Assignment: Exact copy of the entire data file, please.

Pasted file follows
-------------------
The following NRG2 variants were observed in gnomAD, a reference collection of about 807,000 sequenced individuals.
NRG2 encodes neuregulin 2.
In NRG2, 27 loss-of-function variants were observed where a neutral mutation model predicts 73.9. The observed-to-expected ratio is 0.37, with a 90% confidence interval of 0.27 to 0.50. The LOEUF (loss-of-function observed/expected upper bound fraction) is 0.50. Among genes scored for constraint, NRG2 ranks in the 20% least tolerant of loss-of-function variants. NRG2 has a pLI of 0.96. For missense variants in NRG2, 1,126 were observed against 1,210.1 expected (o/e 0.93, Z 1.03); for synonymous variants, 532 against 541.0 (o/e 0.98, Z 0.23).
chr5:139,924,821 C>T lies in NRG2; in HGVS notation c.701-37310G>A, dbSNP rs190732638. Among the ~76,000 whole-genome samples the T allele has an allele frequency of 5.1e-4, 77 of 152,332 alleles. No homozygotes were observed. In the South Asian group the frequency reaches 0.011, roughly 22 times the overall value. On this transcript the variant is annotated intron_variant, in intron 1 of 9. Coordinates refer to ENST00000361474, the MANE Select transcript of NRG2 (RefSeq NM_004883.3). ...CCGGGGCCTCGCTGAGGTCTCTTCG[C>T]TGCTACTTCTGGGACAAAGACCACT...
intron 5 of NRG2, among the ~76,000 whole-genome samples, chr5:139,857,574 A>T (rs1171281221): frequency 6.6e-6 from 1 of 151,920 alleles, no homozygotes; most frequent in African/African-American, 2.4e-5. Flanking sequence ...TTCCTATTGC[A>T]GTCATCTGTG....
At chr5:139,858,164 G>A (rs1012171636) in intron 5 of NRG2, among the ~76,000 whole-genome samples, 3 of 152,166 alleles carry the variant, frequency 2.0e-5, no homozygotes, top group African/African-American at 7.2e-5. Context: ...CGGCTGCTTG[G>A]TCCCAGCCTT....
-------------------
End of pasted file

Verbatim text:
The following NRG2 variants were observed in gnomAD, a reference collection of about 807,000 sequenced individuals.
NRG2 encodes neuregulin 2.
In NRG2, 27 loss-of-function variants were observed where a neutral mutation model predicts 73.9. The observed-to-expected ratio is 0.37, with a 90% confidence interval of 0.27 to 0.50. The LOEUF (loss-of-function observed/expected upper bound fraction) is 0.50. Among genes scored for constraint, NRG2 ranks in the 20% least tolerant of loss-of-function variants. NRG2 has a pLI of 0.96. For missense variants in NRG2, 1,126 were observed against 1,210.1 expected (o/e 0.93, Z 1.03); for synonymous variants, 532 against 541.0 (o/e 0.98, Z 0.23).
chr5:139,924,821 C>T lies in NRG2; in HGVS notation c.701-37310G>A, dbSNP rs190732638. Among the ~76,000 whole-genome samples the T allele has an allele frequency of 5.1e-4, 77 of 152,332 alleles. No homozygotes were observed. In the South Asian group the frequency reaches 0.011, roughly 22 times the overall value. On this transcript the variant is annotated intron_variant, in intron 1 of 9. Coordinates refer to ENST00000361474, the MANE Select transcript of NRG2 (RefSeq NM_004883.3). ...CCGGGGCCTCGCTGAGGTCTCTTCG[C>T]TGCTACTTCTGGGACAAAGACCACT...
intron 5 of NRG2, among the ~76,000 whole-genome samples, chr5:139,857,574 A>T (rs1171281221): frequency 6.6e-6 from 1 of 151,920 alleles, no homozygotes; most frequent in African/African-American, 2.4e-5. Flanking sequence ...TTCCTATTGC[A>T]GTCATCTGTG....
At chr5:139,858,164 G>A (rs1012171636) in intron 5 of NRG2, among the ~76,000 whole-genome samples, 3 of 152,166 alleles carry the variant, frequency 2.0e-5, no homozygotes, top group African/African-American at 7.2e-5. Context: ...CGGCTGCTTG[G>A]TCCCAGCCTT....